Manny Pacquiao's political talk dirties his boxing goodwill

Manny Pacquiao's political talk dirties his boxing goodwill
Manny Pacquiao attends a news conference on Jan. 21 in New York. (Kena Betancur / AFP / Getty Images)

One of the most endearing traits that lure the public to a politician is the idea that the person seeking elected office remembers where they came from.

Manny Pacquiao, chasing a Senate seat in the Philippines, lost sight of that this week.


Pacquiao, in a television interview in his home country, denounced gay relationships by saying if gays don't understand how to distinguish male from female, "then [they are] worse than animals."

The former eight-division world-champion boxer was quickly and deservedly derided for the insensitive remarks, and he issued an apology on Twitter:

"I'm sorry for hurting people by comparing homosexuals to animals. Please forgive me for those I've hurt. God bless!"

He's opposed to same-sex marriage – a stance that unfortunately needs to be revealed in his political race -- but also posted on his Facebook page that he is "not condemning lesbian, gay, bisexual and transgender people," adding, "I'm praying for you."

Nevertheless, Pacquiao's well-paying sponsor Nike has dropped him, and Jason Collins, the NBA's first openly gay player, tweeted, "Bigoted people like you (and, yes, you are one) should never hold an office in politics."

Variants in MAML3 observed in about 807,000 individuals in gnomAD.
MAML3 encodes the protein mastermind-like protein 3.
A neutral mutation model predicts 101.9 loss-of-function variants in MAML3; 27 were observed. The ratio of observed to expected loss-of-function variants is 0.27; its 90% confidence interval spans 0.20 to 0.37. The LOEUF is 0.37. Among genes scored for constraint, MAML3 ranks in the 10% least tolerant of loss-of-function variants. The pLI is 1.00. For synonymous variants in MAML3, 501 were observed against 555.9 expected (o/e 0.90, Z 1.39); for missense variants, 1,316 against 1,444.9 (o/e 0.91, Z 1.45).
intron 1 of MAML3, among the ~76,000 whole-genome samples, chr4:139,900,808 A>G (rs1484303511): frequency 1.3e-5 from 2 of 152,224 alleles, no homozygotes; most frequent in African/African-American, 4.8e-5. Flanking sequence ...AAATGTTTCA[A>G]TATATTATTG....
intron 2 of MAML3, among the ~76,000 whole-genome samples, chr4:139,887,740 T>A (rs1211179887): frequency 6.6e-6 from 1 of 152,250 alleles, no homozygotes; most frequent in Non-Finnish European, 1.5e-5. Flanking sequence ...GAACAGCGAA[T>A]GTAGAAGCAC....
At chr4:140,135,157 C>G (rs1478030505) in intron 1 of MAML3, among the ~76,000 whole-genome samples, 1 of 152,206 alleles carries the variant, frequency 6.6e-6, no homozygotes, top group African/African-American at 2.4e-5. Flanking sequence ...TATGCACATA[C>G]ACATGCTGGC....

Having covered Pacquiao's fights since 2006, I've known him to be one of the kindest, most generous athletes I've ever crossed paths with. And that's not just with a Los Angeles Times reporter who helps Pacquiao build his audience.

I've witnessed everyday people who ask for his time after a workout at Wild Card Boxing Club in Hollywood accommodated with a personal exchange. In the hours after his May loss to Floyd Mayweather Jr., Pacquiao allowed his hotel suite to be packed with visitors – friends, countrymen and others.

He's a people person.

Pacquiao is beloved in his country and by many in the U.S. because he made himself from nothing.

He gave his mother his first boxing "purse" so she could buy rice. He sold items on the street to scrap by. Even when he started receiving world-championship money, he'd hand out cash to lines of people who swarmed his home in the Philippines.

It didn't matter then if someone he encountered was gay, just like it shouldn't matter for a politician who has presidential ambitions and is supposed to represent every person in his district.

Pacquiao has taken pride in working to build a hospital and help bring education to his congressional district in the country.

Fair or not, his toxic words left the impression he'd rather those services not apply to people he holds such little regard for, a possibly destructive stance taken by such an otherwise kind man.

Remember where you came from, Manny, to a place that embraced your happy, spirited and entertaining ways even after you admittedly slipped in your personal life and were led to be re-born by some dubious religious leaders who apparently had you focus on the more divisive readings.


Read this: Healing this will take more than an apology.

Pacquiao, 37, has said his April 9 welterweight title fight against champion Timothy Bradley in Las Vegas will be his final bout before embarking on a demanding political career, with the Senate election in May.

Too bad he couldn't reach the finish line in sports without becoming just another politician who inspired our most positive thoughts before doing something that revealed him as something far less than most of us.